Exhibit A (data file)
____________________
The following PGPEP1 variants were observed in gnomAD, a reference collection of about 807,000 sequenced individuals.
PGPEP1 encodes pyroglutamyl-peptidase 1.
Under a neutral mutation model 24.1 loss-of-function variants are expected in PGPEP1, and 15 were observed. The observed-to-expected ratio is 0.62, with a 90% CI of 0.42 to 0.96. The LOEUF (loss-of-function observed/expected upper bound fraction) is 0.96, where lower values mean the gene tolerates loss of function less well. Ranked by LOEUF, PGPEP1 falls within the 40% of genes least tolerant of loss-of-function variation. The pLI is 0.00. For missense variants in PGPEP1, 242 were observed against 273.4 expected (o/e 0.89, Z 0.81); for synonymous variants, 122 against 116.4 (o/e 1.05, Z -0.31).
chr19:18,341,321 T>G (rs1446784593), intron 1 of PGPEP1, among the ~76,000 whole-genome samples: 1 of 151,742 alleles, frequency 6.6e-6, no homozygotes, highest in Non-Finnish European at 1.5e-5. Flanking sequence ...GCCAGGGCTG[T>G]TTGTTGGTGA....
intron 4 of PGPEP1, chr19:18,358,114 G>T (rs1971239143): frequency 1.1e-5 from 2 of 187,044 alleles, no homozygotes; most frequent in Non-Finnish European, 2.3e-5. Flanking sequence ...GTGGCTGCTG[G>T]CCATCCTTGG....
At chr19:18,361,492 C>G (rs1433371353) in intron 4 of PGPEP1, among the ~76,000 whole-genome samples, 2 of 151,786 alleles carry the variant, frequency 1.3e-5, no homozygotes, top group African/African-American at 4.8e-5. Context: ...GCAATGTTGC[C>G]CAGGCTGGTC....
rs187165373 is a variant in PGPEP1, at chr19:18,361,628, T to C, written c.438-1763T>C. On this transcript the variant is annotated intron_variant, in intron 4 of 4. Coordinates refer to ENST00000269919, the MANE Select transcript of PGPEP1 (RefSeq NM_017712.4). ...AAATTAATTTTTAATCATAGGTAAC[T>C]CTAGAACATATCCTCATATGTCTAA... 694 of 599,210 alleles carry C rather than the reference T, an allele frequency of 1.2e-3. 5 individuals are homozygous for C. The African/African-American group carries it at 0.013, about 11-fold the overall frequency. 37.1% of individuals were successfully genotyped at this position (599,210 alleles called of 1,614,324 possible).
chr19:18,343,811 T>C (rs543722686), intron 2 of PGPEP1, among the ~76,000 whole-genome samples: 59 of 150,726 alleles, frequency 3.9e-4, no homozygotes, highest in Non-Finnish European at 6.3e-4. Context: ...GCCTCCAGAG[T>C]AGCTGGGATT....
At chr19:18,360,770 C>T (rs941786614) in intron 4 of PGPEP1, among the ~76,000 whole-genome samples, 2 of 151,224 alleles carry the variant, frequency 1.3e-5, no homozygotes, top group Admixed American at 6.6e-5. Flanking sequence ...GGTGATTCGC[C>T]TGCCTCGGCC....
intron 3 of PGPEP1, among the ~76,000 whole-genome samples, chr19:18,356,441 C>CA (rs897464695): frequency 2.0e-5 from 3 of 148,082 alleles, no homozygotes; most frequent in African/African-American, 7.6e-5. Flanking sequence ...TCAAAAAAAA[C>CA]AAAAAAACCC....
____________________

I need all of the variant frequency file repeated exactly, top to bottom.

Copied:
The following PGPEP1 variants were observed in gnomAD, a reference collection of about 807,000 sequenced individuals.
PGPEP1 encodes pyroglutamyl-peptidase 1.
Under a neutral mutation model 24.1 loss-of-function variants are expected in PGPEP1, and 15 were observed. The observed-to-expected ratio is 0.62, with a 90% CI of 0.42 to 0.96. The LOEUF (loss-of-function observed/expected upper bound fraction) is 0.96, where lower values mean the gene tolerates loss of function less well. Ranked by LOEUF, PGPEP1 falls within the 40% of genes least tolerant of loss-of-function variation. The pLI is 0.00. For missense variants in PGPEP1, 242 were observed against 273.4 expected (o/e 0.89, Z 0.81); for synonymous variants, 122 against 116.4 (o/e 1.05, Z -0.31).
chr19:18,341,321 T>G (rs1446784593), intron 1 of PGPEP1, among the ~76,000 whole-genome samples: 1 of 151,742 alleles, frequency 6.6e-6, no homozygotes, highest in Non-Finnish European at 1.5e-5. Flanking sequence ...GCCAGGGCTG[T>G]TTGTTGGTGA....
intron 4 of PGPEP1, chr19:18,358,114 G>T (rs1971239143): frequency 1.1e-5 from 2 of 187,044 alleles, no homozygotes; most frequent in Non-Finnish European, 2.3e-5. Flanking sequence ...GTGGCTGCTG[G>T]CCATCCTTGG....
At chr19:18,361,492 C>G (rs1433371353) in intron 4 of PGPEP1, among the ~76,000 whole-genome samples, 2 of 151,786 alleles carry the variant, frequency 1.3e-5, no homozygotes, top group African/African-American at 4.8e-5. Context: ...GCAATGTTGC[C>G]CAGGCTGGTC....
rs187165373 is a variant in PGPEP1, at chr19:18,361,628, T to C, written c.438-1763T>C. On this transcript the variant is annotated intron_variant, in intron 4 of 4. Coordinates refer to ENST00000269919, the MANE Select transcript of PGPEP1 (RefSeq NM_017712.4). ...AAATTAATTTTTAATCATAGGTAAC[T>C]CTAGAACATATCCTCATATGTCTAA... 694 of 599,210 alleles carry C rather than the reference T, an allele frequency of 1.2e-3. 5 individuals are homozygous for C. The African/African-American group carries it at 0.013, about 11-fold the overall frequency. 37.1% of individuals were successfully genotyped at this position (599,210 alleles called of 1,614,324 possible).
chr19:18,343,811 T>C (rs543722686), intron 2 of PGPEP1, among the ~76,000 whole-genome samples: 59 of 150,726 alleles, frequency 3.9e-4, no homozygotes, highest in Non-Finnish European at 6.3e-4. Context: ...GCCTCCAGAG[T>C]AGCTGGGATT....
At chr19:18,360,770 C>T (rs941786614) in intron 4 of PGPEP1, among the ~76,000 whole-genome samples, 2 of 151,224 alleles carry the variant, frequency 1.3e-5, no homozygotes, top group Admixed American at 6.6e-5. Flanking sequence ...GGTGATTCGC[C>T]TGCCTCGGCC....
intron 3 of PGPEP1, among the ~76,000 whole-genome samples, chr19:18,356,441 C>CA (rs897464695): frequency 2.0e-5 from 3 of 148,082 alleles, no homozygotes; most frequent in African/African-American, 7.6e-5. Flanking sequence ...TCAAAAAAAA[C>CA]AAAAAAACCC....